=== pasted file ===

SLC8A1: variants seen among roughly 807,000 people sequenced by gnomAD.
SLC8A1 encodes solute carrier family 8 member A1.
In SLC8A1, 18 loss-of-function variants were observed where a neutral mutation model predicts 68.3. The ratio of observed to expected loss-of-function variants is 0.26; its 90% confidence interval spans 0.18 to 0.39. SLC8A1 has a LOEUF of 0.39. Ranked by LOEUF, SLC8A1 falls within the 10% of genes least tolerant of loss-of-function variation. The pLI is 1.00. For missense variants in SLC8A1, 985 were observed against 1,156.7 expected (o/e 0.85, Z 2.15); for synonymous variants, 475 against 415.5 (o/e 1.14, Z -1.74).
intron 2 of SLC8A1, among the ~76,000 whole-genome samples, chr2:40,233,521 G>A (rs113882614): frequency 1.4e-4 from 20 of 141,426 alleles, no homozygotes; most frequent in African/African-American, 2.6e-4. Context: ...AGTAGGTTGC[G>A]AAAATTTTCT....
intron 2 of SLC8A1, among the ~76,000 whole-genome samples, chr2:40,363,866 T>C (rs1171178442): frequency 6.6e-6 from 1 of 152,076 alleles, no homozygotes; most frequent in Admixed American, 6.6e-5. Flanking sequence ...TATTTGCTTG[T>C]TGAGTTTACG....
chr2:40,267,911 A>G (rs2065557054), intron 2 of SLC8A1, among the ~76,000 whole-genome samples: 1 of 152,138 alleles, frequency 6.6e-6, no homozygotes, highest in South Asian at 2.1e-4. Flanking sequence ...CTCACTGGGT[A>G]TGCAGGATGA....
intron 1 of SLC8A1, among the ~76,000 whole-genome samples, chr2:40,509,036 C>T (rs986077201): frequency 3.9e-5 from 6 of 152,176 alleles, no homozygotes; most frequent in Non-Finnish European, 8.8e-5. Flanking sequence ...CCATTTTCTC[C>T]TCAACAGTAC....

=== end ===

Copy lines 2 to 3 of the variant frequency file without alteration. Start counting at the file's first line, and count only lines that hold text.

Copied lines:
SLC8A1 encodes solute carrier family 8 member A1.
In SLC8A1, 18 loss-of-function variants were observed where a neutral mutation model predicts 68.3. The ratio of observed to expected loss-of-function variants is 0.26; its 90% confidence interval spans 0.18 to 0.39. SLC8A1 has a LOEUF of 0.39. Ranked by LOEUF, SLC8A1 falls within the 10% of genes least tolerant of loss-of-function variation. The pLI is 1.00. For missense variants in SLC8A1, 985 were observed against 1,156.7 expected (o/e 0.85, Z 2.15); for synonymous variants, 475 against 415.5 (o/e 1.14, Z -1.74).